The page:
HP gets Apple envy with 13- and 15-inch laptops

HP set to roll-out new series of Envy notebooks, but no local details until October

When Voodoo PC came under HP's umbrella a few years back, we began to see all sorts of interesting collaborations: The Blackbird desktop and the HP Voodoo Envy 133, with its sleek laptop looks, garnered second glances from lustful nerds.

171959-hpenvy15_frontopenprofileonwhite_350

Now, the Voodoo brand name falls by the wayside as HP adopts the Envy moniker for this superstylish, silvery line. Were it not for the funky divot-pocked frame (HP calls it a Muse metal etching design), I'd swear that HP was trying to get as close to replicating a MacBook Pro is it could without stamping an Apple logo on the classy aluminum chassis. In fact, the Envy's rounded edges make it a more compelling competitor than the Adamo, Dell's first attempt to ape Apple. Let's take a closer peek at the high end of HP's consumer laptops.

The 13.1-inch model, not surprisingly, is called the Envy 13. In the brief encounter I had with this model while working in an office suite, its 1366-by-768-pixel screen looked sharp — but I didn't have a chance to subject it to PC World's usual image-quality tests, so this is merely an initial impression.

171959-hpenvy15_leftfacingprofileonwhite_350

The US$1699 Envy 13 packs a fair amount of juice under its lid. HP complements the laptop's 1.86GHz Intel Core 2 Duo SL9400 CPU with 3GB of RAM (and includes an extra DIMM slot), plus a surprisingly solid 512MB ATI Mobility Radeon HD 4330 GPU. Onboard technology smartly throttles the GPU and downshifts to the integrated Intel GPU for low-end tasks (thereby extending the machine's battery life).

A 250GB hard drive nestles inside the slim 12.6-by-8.5-by-0.8-inch frame, and the machine comes standard with an external 8X DVD-RW drive (you can upgrade to a BD-ROM for an extra fee, of course). The standard configuration generously provides two batteries: a standard four-cell battery and a thin six-cell slice that sits underneath. Clearly, this is a big jump forward from the previous Envy, which cost more and offered much less. We'll have to wait to see how it runs on our WorldBench 6 test suite, but it certainly seems loaded with enough power to handle the 64-bit version of Windows 7.

The keyboard and mouse look sleek and reasonably comfortable. They get backed up by a series of quick-access multimedia buttons and an Instant On feature for launching into Web browsing and multimedia file playing. The machine still manages to set aside room for two USB ports, 802.11n, optional Bluetooth, HDMI-out, and a combination headphone/microphone jack (a cell phone headset will work here). By the way, the port layout pictured here is for the Envy 15. Unfortunately, all of the ports are jammed together on one side of the laptop. Add one odd-size dongle, and neighboring ports may get blocked.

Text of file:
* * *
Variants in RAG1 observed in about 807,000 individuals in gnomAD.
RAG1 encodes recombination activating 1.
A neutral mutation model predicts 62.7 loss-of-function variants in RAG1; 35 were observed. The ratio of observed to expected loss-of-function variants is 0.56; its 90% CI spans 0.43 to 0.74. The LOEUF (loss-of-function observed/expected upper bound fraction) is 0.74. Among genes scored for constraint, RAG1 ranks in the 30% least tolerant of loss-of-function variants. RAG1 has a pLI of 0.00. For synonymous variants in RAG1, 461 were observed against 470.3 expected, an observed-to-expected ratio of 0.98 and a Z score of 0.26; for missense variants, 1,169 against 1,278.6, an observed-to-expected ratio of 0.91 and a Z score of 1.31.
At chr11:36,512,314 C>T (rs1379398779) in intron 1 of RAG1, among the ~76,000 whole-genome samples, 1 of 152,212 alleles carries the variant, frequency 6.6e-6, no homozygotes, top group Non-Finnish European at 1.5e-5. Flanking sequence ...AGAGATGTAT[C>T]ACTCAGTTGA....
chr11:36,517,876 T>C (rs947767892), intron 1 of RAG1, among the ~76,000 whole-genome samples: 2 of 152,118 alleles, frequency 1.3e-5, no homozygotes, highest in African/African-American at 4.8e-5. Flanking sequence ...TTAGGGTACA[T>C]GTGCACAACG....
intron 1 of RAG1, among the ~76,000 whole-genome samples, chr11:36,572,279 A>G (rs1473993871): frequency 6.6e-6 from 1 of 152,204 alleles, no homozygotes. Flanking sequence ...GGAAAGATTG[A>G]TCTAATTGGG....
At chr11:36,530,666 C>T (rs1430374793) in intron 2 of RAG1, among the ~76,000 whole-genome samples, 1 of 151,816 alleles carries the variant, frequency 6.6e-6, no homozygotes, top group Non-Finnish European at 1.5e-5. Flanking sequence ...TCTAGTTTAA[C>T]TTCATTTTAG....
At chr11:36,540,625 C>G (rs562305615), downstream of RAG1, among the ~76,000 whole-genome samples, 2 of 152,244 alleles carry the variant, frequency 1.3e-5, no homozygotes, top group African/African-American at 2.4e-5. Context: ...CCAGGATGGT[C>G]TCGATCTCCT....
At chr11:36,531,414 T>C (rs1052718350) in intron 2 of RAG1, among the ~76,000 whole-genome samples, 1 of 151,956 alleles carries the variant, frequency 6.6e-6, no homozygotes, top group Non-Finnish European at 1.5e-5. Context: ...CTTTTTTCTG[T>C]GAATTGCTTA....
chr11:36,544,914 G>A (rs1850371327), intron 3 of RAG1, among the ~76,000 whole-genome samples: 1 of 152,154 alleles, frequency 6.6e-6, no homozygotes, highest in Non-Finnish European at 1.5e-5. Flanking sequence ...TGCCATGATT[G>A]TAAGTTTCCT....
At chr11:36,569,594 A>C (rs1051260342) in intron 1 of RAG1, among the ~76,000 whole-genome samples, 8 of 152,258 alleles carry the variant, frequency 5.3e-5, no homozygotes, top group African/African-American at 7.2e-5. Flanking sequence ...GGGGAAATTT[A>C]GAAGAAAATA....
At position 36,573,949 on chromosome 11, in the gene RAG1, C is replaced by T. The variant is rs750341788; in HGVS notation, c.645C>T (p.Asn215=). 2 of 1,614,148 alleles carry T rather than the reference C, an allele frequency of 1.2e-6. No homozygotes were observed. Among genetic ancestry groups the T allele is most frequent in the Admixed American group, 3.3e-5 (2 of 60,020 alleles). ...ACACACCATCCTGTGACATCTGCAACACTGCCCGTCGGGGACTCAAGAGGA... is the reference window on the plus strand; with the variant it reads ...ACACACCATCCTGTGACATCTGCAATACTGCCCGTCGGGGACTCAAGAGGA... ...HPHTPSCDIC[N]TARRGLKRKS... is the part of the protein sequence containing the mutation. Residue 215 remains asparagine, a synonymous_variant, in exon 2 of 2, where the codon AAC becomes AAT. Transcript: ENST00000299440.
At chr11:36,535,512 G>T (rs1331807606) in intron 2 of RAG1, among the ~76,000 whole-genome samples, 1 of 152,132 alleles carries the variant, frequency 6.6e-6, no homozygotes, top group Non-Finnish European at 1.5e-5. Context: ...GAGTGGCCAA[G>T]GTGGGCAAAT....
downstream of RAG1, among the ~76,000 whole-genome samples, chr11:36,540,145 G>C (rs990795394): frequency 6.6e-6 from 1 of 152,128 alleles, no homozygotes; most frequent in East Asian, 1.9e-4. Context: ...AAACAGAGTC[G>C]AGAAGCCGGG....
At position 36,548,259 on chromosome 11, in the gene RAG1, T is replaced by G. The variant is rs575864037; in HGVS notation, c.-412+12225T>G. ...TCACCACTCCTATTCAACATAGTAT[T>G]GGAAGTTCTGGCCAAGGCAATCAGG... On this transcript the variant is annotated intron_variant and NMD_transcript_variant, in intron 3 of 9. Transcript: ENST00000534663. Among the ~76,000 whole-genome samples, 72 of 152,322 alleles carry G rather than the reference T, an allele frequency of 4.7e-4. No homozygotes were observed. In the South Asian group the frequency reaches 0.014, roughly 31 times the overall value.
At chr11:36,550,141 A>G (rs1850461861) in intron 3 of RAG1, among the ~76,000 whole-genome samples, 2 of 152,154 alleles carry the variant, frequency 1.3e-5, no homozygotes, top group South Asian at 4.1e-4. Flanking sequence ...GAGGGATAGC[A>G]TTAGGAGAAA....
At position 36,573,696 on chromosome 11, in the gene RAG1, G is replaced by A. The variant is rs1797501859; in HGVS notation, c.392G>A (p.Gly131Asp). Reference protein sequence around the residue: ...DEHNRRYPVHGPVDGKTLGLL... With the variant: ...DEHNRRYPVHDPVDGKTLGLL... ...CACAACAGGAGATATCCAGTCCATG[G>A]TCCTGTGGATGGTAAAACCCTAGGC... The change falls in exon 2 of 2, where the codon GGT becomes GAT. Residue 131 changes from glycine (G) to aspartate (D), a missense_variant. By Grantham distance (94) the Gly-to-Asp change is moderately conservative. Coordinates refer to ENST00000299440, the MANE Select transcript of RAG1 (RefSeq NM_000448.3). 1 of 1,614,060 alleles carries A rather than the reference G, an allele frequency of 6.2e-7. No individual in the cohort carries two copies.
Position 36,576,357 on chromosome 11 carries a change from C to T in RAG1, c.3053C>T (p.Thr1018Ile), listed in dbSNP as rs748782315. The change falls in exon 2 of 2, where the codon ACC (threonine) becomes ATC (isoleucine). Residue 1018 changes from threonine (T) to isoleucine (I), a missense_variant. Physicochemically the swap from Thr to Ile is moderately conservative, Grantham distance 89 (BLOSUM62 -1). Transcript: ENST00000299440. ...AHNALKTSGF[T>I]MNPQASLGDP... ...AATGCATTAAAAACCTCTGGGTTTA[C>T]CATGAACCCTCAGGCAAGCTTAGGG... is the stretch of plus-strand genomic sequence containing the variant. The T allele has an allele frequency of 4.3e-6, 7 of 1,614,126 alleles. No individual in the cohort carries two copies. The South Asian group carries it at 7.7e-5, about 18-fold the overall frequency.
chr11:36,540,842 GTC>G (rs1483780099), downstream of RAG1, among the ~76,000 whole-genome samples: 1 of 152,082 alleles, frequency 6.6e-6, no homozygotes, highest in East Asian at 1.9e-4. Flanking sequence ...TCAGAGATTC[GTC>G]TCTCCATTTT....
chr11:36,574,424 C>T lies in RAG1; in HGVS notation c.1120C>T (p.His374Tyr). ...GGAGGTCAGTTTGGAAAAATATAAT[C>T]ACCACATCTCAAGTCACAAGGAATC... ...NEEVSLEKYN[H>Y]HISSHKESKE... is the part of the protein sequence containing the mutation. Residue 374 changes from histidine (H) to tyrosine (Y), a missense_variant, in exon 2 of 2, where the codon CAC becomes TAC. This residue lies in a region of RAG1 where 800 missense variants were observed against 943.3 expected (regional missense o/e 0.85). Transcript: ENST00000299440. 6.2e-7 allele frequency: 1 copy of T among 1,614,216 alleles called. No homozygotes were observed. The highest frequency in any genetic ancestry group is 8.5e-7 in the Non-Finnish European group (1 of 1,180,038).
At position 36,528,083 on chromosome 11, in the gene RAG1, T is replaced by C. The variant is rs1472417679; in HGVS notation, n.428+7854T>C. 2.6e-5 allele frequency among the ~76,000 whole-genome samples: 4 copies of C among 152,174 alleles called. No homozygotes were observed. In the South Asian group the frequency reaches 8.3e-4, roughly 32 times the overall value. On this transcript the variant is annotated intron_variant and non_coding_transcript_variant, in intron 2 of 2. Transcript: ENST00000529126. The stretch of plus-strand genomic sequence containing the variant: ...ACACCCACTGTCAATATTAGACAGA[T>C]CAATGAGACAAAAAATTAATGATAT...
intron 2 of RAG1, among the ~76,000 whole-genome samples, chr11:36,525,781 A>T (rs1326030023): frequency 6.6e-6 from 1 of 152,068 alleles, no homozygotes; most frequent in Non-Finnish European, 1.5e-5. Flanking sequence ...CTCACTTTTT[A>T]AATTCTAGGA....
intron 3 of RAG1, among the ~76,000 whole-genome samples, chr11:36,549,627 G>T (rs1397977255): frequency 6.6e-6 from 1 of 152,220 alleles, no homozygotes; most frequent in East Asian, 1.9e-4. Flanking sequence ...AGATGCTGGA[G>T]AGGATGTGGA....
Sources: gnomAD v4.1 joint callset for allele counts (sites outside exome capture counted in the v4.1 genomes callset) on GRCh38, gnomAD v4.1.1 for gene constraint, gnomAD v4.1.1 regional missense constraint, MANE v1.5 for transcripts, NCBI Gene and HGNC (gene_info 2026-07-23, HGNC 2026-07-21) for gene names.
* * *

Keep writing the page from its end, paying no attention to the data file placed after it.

171959-hpenvy15_rearleftfacingonwhite_350

HP's rep assured me that the Beats system will deliver awesome audio. How does it sound? Beats me — the drivers weren't ready, and the crowded room wasn't conducive to a proper audio demo anyway. Look for a test-based assessment of the audio subsystem in our final review of the Envy 13.

As for the Envy 15, HP is hesitant to release many details about the model prior to the Intel Developer's Forum next week, but the company says that the 15-inch model weighs just 5.18 pounds, measures 1 inch thick, and will squeeze in a "Future Intel Core i7 Processor," up to 16GB of DDR3 RAM, and a 1GB discrete ATI Mobility Radeon HD 4830. Considering the laptop's US$1799 starting price, it's certainly worth a second look.

According to Rob Bergqvist, Team Leader, Mobile Group, Personal Systems Group, HP Australia details on which of the new products will be available in Australia, as well as local pricing and specifications, will be announced in mid-October.

“HP’s new Australian range will include thin, full-performance notebook PCs, as well as stylish consumer and SMB notebooks that deliver an optimal balance of mobility and functionality,” said Mr Bergqvist.

We're on the case and plan to put together full reviews when the units show up at our PC World Test Centre.

Tags HPDellapple macbookadamomacbook pro

Keep up with the latest tech news, reviews and previews by subscribing to the Good Gear Guide newsletter.

Darren Gladstone

PC World (US online)

Comments

Comments are now closed.

Most Popular Reviews

Follow Us

Best Deals on GoodGearGuide

Shopping.com

Latest News Articles

Resources

GGG Evaluation Team

Kathy Cassidy

STYLISTIC Q702

First impression on unpacking the Q702 test unit was the solid feel and clean, minimalist styling.

Anthony Grifoni

STYLISTIC Q572

For work use, Microsoft Word and Excel programs pre-installed on the device are adequate for preparing short documents.

Steph Mundell

LIFEBOOK UH574

The Fujitsu LifeBook UH574 allowed for great mobility without being obnoxiously heavy or clunky. Its twelve hours of battery life did not disappoint.

Andrew Mitsi

STYLISTIC Q702

The screen was particularly good. It is bright and visible from most angles, however heat is an issue, particularly around the Windows button on the front, and on the back where the battery housing is located.

Simon Harriott

STYLISTIC Q702

My first impression after unboxing the Q702 is that it is a nice looking unit. Styling is somewhat minimalist but very effective. The tablet part, once detached, has a nice weight, and no buttons or switches are located in awkward or intrusive positions.

Latest Jobs

Shopping.com

Don’t have an account? Sign up here

Don't have an account? Sign up now

Forgot password?